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How the Meat Industry Killed the Free Market: Why We Need Labels on Factory-Farmed Meat and Eggs and Dairy

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The dark secrets behind America's meat industry are enough to make us sick - and according to journalist Christopher Leonard, that's only the start of it. Our health, the well-being of animals and large swaths of rural America are all under threat by America's monopolized meat industry, Leonard says, and the full extent to which it's taken over should be making us a lot angrier than it is.

"It's been very telling to me how bothered consumers are when they learn how this industry really operates," Leonard told Salon.

"The Meat Racket," Leonard's new exposé, lays it all out on the chopping board: how virtually all of our meat is produced by the same four companies, led by Tyson, how those companies manage to keep the farmers who raise their chickens under crippling debt while ensuring that poultry prices stay high, and how the only real choice left for the consumer is to either partake or opt out of meat altogether.

Leonard spoke with Salon about how he brought these heavily guarded secrets to light, and explained why those who would defend the industry are apologists for a system gone wildly awry. This interview has been edited for length and clarity.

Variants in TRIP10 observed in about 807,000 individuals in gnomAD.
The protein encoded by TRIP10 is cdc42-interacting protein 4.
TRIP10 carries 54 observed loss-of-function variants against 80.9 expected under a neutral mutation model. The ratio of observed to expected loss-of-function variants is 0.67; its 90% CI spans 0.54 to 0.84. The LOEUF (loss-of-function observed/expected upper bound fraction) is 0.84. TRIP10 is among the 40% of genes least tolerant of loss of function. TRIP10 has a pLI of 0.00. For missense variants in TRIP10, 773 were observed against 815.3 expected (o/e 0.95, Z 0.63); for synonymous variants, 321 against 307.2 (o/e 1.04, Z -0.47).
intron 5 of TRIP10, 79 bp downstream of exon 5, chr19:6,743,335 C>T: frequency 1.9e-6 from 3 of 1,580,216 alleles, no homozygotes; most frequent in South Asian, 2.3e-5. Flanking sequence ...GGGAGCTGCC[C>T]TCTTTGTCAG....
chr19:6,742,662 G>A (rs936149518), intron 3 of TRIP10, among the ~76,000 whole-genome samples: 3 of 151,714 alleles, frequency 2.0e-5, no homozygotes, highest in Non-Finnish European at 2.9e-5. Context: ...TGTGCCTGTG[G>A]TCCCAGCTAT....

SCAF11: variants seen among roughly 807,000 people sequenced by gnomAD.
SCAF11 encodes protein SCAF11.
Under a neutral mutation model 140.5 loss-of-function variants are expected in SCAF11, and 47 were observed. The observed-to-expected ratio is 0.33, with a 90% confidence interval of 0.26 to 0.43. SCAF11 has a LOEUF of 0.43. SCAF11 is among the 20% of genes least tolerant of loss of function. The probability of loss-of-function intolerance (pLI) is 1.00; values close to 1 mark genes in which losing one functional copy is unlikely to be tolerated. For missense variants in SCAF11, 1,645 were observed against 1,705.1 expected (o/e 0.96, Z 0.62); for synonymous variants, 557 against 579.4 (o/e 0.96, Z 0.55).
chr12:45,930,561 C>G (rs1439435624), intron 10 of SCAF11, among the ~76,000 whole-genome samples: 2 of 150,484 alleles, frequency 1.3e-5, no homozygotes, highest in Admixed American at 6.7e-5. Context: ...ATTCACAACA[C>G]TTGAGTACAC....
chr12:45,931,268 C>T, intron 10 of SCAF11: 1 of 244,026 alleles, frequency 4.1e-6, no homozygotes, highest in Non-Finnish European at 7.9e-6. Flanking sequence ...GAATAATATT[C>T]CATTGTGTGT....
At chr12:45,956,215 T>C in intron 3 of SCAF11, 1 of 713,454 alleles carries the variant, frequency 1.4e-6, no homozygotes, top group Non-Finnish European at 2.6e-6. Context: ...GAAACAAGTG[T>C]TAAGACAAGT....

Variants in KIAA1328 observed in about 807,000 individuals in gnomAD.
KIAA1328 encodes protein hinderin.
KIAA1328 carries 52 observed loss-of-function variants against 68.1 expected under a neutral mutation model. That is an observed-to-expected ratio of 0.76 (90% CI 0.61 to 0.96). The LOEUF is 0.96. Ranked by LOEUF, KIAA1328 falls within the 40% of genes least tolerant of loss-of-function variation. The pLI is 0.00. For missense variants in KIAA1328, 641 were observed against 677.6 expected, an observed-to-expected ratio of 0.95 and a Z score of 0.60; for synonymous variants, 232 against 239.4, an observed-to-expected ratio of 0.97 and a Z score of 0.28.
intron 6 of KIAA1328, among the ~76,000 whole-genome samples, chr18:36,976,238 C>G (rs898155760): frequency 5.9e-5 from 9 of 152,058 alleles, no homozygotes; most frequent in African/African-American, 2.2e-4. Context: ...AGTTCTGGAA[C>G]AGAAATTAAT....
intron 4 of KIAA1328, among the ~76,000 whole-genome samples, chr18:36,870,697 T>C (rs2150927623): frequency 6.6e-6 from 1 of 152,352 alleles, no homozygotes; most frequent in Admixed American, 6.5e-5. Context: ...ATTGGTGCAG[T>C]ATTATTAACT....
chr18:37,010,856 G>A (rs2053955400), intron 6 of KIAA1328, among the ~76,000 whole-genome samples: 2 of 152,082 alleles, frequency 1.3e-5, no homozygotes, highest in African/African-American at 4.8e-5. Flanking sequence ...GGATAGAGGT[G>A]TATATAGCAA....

First, could you tell us a little bit about your relationship to the meat industry? How were you able to get this inside view of what's going on in Tyson's boardrooms?

I've been a business reporter in the Midwest for about 10 years. I covered agribusiness for the Associated Press, and before that, I worked at smaller newspapers. And in that role, I kept kind of bumping up against the industrial meat system. I wrote my first story about Tyson foods in 1999 for a newspaper, and the more I encountered this system, the more I became fascinated with it. It's a remarkable experience to walk into one of these giant factory farms and see 75,000 chickens on the ground in front of you.

But the seeds for this book really came in 2004, when I went down to this little town of Waldron, Arkansas, to report on chicken farmers down there. And I was just absolutely stunned by just how much power Tyson had over these farmers, and how powerful it was in this little town. And I wanted to find out how we got to this point, where these companies can act like virtual dictators in these towns where they operate, where they have regional monopolies. And I wanted to also understand how this system really works from the inside.   


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